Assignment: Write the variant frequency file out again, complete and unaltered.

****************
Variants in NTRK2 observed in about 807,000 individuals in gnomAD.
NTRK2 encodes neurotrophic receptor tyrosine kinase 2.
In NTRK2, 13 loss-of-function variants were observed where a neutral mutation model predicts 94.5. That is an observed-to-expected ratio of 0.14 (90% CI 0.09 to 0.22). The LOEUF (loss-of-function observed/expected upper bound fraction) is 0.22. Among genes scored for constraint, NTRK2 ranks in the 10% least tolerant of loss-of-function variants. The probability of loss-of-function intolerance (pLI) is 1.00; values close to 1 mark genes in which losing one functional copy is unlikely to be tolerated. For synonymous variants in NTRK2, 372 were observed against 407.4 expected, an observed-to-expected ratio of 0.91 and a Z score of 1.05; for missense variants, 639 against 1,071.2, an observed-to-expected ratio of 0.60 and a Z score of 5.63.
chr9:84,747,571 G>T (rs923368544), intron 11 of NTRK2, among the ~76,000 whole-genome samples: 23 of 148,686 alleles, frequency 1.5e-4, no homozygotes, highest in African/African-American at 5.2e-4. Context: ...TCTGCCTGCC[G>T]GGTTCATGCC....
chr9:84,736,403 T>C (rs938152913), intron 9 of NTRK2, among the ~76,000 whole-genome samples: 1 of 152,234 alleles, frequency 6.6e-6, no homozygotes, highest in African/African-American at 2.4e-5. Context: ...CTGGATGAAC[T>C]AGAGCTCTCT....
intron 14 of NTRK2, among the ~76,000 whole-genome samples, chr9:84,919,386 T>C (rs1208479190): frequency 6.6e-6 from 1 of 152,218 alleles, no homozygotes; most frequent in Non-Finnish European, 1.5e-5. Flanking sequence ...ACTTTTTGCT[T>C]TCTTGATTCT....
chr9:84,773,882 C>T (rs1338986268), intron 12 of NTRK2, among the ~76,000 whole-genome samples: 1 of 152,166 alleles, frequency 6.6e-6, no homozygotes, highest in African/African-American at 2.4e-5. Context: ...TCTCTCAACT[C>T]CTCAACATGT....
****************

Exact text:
Variants in NTRK2 observed in about 807,000 individuals in gnomAD.
NTRK2 encodes neurotrophic receptor tyrosine kinase 2.
In NTRK2, 13 loss-of-function variants were observed where a neutral mutation model predicts 94.5. That is an observed-to-expected ratio of 0.14 (90% CI 0.09 to 0.22). The LOEUF (loss-of-function observed/expected upper bound fraction) is 0.22. Among genes scored for constraint, NTRK2 ranks in the 10% least tolerant of loss-of-function variants. The probability of loss-of-function intolerance (pLI) is 1.00; values close to 1 mark genes in which losing one functional copy is unlikely to be tolerated. For synonymous variants in NTRK2, 372 were observed against 407.4 expected, an observed-to-expected ratio of 0.91 and a Z score of 1.05; for missense variants, 639 against 1,071.2, an observed-to-expected ratio of 0.60 and a Z score of 5.63.
chr9:84,747,571 G>T (rs923368544), intron 11 of NTRK2, among the ~76,000 whole-genome samples: 23 of 148,686 alleles, frequency 1.5e-4, no homozygotes, highest in African/African-American at 5.2e-4. Context: ...TCTGCCTGCC[G>T]GGTTCATGCC....
chr9:84,736,403 T>C (rs938152913), intron 9 of NTRK2, among the ~76,000 whole-genome samples: 1 of 152,234 alleles, frequency 6.6e-6, no homozygotes, highest in African/African-American at 2.4e-5. Context: ...CTGGATGAAC[T>C]AGAGCTCTCT....
intron 14 of NTRK2, among the ~76,000 whole-genome samples, chr9:84,919,386 T>C (rs1208479190): frequency 6.6e-6 from 1 of 152,218 alleles, no homozygotes; most frequent in Non-Finnish European, 1.5e-5. Flanking sequence ...ACTTTTTGCT[T>C]TCTTGATTCT....
chr9:84,773,882 C>T (rs1338986268), intron 12 of NTRK2, among the ~76,000 whole-genome samples: 1 of 152,166 alleles, frequency 6.6e-6, no homozygotes, highest in African/African-American at 2.4e-5. Context: ...TCTCTCAACT[C>T]CTCAACATGT....